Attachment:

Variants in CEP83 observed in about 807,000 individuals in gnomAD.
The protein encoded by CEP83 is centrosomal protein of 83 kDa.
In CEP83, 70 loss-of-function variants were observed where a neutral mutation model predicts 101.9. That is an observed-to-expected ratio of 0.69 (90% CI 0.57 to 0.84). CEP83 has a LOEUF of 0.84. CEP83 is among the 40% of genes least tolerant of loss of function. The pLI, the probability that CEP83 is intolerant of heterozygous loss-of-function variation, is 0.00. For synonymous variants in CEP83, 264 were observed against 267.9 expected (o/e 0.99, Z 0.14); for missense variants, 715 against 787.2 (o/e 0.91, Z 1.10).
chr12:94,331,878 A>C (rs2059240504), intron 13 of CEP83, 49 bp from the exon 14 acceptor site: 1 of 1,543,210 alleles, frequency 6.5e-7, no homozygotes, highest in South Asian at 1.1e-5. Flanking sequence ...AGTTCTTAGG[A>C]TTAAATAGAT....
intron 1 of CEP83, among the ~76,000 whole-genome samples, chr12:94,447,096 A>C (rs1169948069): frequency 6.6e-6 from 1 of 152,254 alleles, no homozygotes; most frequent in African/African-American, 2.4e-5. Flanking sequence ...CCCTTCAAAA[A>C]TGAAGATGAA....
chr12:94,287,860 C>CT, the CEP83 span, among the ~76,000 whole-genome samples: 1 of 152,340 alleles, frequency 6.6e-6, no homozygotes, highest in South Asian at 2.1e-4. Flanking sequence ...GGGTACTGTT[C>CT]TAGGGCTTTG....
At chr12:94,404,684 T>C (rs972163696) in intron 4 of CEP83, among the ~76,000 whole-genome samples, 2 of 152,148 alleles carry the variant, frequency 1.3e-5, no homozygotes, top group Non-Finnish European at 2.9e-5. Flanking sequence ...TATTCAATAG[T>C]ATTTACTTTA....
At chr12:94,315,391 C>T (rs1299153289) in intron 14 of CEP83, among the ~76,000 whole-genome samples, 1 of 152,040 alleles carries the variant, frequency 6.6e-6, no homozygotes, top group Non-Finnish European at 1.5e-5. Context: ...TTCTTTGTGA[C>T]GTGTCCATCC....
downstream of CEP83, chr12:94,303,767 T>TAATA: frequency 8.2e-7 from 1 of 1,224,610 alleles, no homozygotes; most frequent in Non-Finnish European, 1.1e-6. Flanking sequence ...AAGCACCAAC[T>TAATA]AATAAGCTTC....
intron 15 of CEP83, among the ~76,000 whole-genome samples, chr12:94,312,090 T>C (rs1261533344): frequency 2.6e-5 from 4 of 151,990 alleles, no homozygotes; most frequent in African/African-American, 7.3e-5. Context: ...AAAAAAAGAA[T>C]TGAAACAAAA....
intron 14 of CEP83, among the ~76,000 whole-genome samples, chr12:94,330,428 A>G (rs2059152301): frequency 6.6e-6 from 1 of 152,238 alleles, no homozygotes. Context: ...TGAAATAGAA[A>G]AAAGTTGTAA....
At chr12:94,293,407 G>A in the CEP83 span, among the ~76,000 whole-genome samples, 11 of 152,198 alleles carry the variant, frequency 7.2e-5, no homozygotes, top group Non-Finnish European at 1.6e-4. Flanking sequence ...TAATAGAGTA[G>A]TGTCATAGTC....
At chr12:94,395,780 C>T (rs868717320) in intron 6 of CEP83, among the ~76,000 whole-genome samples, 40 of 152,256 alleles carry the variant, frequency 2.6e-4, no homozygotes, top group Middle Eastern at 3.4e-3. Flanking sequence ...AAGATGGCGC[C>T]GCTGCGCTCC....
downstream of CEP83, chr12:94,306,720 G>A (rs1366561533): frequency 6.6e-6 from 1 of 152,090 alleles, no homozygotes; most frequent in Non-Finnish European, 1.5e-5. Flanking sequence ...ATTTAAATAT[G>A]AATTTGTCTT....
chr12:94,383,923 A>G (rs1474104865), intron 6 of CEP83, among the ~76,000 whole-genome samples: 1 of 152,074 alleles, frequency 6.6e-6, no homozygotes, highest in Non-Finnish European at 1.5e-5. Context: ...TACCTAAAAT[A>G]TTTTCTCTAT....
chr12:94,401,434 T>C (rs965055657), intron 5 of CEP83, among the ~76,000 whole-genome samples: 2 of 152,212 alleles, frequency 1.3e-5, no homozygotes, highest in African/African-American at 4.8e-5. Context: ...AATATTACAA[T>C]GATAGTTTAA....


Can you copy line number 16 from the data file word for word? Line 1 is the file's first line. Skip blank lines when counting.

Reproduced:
chr12:94,401,434 T>C (rs965055657), intron 5 of CEP83, among the ~76,000 whole-genome samples: 2 of 152,212 alleles, frequency 1.3e-5, no homozygotes, highest in African/African-American at 4.8e-5. Context: ...AATATTACAA[T>C]GATAGTTTAA....